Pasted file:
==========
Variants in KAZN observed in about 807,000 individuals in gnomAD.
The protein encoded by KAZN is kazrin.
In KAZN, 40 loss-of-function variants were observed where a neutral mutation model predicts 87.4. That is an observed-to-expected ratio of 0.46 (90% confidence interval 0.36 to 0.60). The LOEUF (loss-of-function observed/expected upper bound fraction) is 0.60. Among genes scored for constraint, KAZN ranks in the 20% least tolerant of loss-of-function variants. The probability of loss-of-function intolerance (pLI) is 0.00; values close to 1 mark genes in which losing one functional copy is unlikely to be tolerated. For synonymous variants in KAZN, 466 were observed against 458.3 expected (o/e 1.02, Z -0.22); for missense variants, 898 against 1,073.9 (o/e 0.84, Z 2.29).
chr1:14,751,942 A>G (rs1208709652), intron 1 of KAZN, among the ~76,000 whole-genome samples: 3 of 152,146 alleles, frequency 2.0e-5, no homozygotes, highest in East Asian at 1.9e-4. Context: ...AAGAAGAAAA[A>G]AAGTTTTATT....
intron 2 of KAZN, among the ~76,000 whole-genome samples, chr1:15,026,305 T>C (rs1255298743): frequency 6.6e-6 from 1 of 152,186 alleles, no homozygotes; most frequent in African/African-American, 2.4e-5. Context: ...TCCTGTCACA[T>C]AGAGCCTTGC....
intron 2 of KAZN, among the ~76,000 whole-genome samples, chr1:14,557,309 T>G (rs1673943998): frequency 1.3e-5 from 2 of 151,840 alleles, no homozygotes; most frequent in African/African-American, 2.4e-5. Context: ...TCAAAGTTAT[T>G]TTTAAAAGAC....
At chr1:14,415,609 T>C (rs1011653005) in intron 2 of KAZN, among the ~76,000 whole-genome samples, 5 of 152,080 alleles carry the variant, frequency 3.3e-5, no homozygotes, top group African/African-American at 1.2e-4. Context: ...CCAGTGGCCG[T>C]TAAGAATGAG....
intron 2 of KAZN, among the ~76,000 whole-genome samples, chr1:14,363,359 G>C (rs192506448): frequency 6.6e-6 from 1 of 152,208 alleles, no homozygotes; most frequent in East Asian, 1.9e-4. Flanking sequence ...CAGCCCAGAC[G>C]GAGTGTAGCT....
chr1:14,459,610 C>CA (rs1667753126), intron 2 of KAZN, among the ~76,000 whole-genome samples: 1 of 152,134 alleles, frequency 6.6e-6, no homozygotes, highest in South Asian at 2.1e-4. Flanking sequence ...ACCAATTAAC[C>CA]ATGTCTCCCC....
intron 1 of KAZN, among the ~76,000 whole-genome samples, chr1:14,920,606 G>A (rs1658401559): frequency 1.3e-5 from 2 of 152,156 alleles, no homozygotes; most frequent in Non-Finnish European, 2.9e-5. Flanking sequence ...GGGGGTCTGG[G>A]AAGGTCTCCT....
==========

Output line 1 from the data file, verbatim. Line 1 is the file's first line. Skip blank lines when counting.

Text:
Variants in KAZN observed in about 807,000 individuals in gnomAD.